Message Maps (MFC)
|ON_COMMAND Message Handler||Handles
|Child Window Notification Message Handlers||Handle notification messages from child windows.|
|WM_ Message Handlers||Handle
|User-Defined Message Handlers||Handle user-defined messages.|
(For an explanation of the terminology and conventions used in this reference, see How to Use the Message Map Cross-Reference.)
Since Windows is a message-oriented operating system, a large portion of programming for the Windows environment involves message handling. Each time an event such as a keystroke or mouse click occurs, a message is sent to the application, which must then handle the event.
The Microsoft Foundation Class Library offers a programming model optimized for message-based programming. In this model, "message maps" are used to designate which functions will handle various messages for a particular class. Message maps contain one or more macros that specify which messages will be handled by which functions. For example, a message map containing an
ON_COMMAND macro might look something like this:
BEGIN_MESSAGE_MAP(CMyDoc, CDocument) ON_COMMAND(ID_MYCMD, &CMyDoc::OnMyCommand) END_MESSAGE_MAP()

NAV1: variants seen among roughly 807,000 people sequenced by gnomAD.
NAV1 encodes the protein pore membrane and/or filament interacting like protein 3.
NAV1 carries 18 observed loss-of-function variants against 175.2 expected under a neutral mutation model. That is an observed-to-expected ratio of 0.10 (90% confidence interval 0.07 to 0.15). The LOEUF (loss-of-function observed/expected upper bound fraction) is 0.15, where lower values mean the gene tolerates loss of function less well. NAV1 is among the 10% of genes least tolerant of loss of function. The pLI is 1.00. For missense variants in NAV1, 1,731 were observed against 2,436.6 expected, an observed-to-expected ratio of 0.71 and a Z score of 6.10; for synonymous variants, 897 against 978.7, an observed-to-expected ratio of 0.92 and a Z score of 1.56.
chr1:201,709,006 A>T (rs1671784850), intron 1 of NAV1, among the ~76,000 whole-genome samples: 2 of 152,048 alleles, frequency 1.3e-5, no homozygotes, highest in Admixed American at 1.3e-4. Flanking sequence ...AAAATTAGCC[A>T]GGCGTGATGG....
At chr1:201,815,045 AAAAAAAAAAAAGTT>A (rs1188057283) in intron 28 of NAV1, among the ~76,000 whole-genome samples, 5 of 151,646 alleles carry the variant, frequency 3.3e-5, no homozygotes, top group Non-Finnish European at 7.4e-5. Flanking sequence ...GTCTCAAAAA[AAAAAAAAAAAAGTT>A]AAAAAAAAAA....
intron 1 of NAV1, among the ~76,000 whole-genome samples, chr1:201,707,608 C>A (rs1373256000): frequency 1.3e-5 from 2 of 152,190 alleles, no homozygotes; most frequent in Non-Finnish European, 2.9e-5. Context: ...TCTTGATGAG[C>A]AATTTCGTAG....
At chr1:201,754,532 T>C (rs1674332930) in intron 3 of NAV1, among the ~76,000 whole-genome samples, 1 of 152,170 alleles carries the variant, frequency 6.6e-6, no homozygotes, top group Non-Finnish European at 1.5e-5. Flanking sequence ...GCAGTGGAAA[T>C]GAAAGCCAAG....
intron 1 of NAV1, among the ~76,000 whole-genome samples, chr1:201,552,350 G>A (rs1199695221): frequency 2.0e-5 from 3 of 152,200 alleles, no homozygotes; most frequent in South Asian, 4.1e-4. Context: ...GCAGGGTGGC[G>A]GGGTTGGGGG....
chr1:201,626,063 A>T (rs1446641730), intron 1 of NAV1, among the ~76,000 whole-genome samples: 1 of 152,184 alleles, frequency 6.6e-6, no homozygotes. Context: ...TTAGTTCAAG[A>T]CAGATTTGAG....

ON_COMMAND macro is used to handle command messages generated by menus, buttons, and accelerator keys. Macros are available to map the following:
Registered user-defined messages
User-interface update messages
Ranges of Messages
Update handler messages
Although message-map macros are important, you generally won't have to use them directly. This is because the Properties window automatically creates message-map entries in your source files when you use it to associate message-handling functions with messages. Any time you want to edit or add a message-map entry, you can use the Properties window.
The Properties window does not support message-map ranges. You must write these message-map entries yourself.
However, message maps are an important part of the Microsoft Foundation Class Library. You should understand what they do, and documentation is provided for them.